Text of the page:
There is a cascade of events that allows us to heal. Part of that process is the inflammatory response, which is necessary for healing to happen when we disrupt the body through surgery. Inflammation also means there will be swelling localized to the surgical area, which slows the lymph system’s ability to do its job of moving wastes out and healthy components in. After surgery, it is also the lymph system that helps the body process all the materials that need to be moved out, including excess fluids given during surgery.

Lymphatic massage assists the function of the lymph system through all these processes. It also stimulates the parasympathetic nervous system, which is especially good in healing times because it allows our bodies to really rest in order to heal efficiently and effectively. This also has an analgesic effect because the parasympathetic nervous system calms our perception of pain. There is a whole interplay of physiological functions that lymphatic work supports, helping to heal from surgery, reduce post surgical pain and swelling, and speed return to function. It also helps avoid infection because it helps keep the immune system more fully functional.

Receiving lymphatic massage feels gentle and rhythmic, helping us to breathe more deeply and rest more fully, and is safer for tissues that are still healing after surgery. Even clients who have always thought they need deep and vigorous massage are surprised at how effective and soothing lymphatic massage is, with its relatively light touch. It is both satisfying and plenty deep enough to do profound work in supporting the healing process.

The Magic Muscle: the Psoas

from Kaaren Engel

The psoas (pronounced so-az) is the one muscle that attaches the upper body to the lower body. It allows locomotion by allowing you to lift your legs to actually walk. It is the filet mignon of the body, the tenderloin, and is actually very delicate. It needs to be treated with sensitivity, so that it becomes juicy and full and soft. When it is juicy, you walk like a dancer, with legs that just swing from your body.

It is also the emotional core of the body, holding massive amounts of emotional information. It is where we hold birth and childhood trauma, or any other trauma, because it is directly a part of our flight or fight response. This makes sense because you are either running or curling into a ball, which are both primarily psoas reactions. When you’ve been traumatized and just want to curl up, that is the psoas acting as a protector, and when you release that, you can stand up straight, face the world, and approach it with ease.  It can also hold good stuff if you create that. A relaxed and juicy psoas leads to full body orgasms that flow through your whole body.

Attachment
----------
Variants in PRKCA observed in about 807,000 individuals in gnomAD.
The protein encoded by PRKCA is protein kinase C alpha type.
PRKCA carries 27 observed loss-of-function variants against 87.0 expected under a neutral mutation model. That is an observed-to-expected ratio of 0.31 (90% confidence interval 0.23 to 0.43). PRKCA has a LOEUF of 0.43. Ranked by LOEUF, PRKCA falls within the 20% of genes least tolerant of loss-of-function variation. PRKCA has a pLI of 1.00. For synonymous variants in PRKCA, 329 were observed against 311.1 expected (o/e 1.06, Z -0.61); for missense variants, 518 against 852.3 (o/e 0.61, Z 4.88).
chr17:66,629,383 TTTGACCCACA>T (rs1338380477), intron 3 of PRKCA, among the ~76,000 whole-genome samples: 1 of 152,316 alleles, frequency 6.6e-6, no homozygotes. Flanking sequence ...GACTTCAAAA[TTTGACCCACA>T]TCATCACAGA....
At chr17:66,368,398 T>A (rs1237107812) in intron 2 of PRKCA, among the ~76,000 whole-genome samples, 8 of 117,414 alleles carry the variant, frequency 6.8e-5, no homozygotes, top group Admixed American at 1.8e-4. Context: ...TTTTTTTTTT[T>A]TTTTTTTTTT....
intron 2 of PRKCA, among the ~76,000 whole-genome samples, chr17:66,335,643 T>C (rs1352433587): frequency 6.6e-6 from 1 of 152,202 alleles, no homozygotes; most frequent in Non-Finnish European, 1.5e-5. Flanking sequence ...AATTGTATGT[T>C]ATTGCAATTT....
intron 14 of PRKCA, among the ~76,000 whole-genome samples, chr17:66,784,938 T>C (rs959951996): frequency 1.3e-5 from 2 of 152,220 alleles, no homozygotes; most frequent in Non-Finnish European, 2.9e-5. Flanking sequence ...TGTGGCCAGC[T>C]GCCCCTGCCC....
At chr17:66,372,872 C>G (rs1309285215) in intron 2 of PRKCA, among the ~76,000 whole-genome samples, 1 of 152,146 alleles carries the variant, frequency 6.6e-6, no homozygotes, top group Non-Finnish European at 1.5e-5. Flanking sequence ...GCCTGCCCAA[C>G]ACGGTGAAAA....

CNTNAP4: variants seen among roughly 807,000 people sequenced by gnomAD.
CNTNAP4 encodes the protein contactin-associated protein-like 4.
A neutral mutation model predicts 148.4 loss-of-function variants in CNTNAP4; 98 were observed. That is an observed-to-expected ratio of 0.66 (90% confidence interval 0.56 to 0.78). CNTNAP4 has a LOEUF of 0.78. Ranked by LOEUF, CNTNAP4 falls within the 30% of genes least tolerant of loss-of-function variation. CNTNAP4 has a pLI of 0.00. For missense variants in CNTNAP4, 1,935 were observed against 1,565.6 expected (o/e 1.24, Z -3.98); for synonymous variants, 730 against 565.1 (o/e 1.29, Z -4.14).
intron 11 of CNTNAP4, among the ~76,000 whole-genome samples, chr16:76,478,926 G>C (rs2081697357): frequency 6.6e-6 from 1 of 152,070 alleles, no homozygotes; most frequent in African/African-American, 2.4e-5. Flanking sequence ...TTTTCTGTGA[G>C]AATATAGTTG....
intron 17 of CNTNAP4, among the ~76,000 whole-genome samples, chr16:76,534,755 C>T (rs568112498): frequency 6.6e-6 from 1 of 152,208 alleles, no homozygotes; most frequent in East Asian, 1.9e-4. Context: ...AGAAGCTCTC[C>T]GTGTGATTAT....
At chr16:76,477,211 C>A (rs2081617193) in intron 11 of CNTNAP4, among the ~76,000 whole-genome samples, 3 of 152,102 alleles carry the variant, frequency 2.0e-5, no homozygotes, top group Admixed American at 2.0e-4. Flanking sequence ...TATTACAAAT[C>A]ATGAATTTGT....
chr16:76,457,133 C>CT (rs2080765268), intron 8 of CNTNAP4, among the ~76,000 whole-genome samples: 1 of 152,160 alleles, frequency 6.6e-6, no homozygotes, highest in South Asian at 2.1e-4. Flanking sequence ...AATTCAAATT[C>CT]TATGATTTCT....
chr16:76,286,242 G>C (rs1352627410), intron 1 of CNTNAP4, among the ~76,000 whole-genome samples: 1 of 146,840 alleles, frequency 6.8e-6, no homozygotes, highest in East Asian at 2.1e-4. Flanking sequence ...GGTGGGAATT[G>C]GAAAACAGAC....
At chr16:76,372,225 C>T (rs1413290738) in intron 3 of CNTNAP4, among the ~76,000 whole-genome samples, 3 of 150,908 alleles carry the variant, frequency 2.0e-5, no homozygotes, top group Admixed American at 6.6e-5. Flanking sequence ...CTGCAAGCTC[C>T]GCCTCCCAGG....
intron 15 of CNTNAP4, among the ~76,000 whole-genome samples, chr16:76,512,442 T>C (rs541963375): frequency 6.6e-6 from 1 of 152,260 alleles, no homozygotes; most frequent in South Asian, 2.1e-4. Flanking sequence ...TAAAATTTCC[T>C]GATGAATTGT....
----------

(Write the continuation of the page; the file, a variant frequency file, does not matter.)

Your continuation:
One of the best things you can do for your psoas is Constructive Rest Pose, where you lie on your back with your knees bent and feet parallel to each other at the width of your hip sockets, about 12-16″ away from your buttocks. You can also put your feet up on a chair. This pose allows the psoas to drop and lengthen. A fetal curl also allows it to soften and relax. These simple relaxations are so important. They not only change the body physically, but you can feel yourself moving more deeply into the floor. Your sympathetic nervous system gets a break and the body gets soft, bringing us a treasure trove for the body, mind, and spirit.

You can also work with balls to soften and hydrate the feet, standing up and pressing and releasing the foot onto a ball. This hydrates the tissues all the way up to the psoas, which is why we do a lot of it in class.

The psoas is fascinating because everything lands there, all your emotional issues, everything, and it works best when it is soft and relaxed. We can play with it, approaching it with a childlike curiosity of how things move. And when the psoas is juicy, we will all walk like dancers, with an easy flow.

Page 5 of 9« First...34567...Last »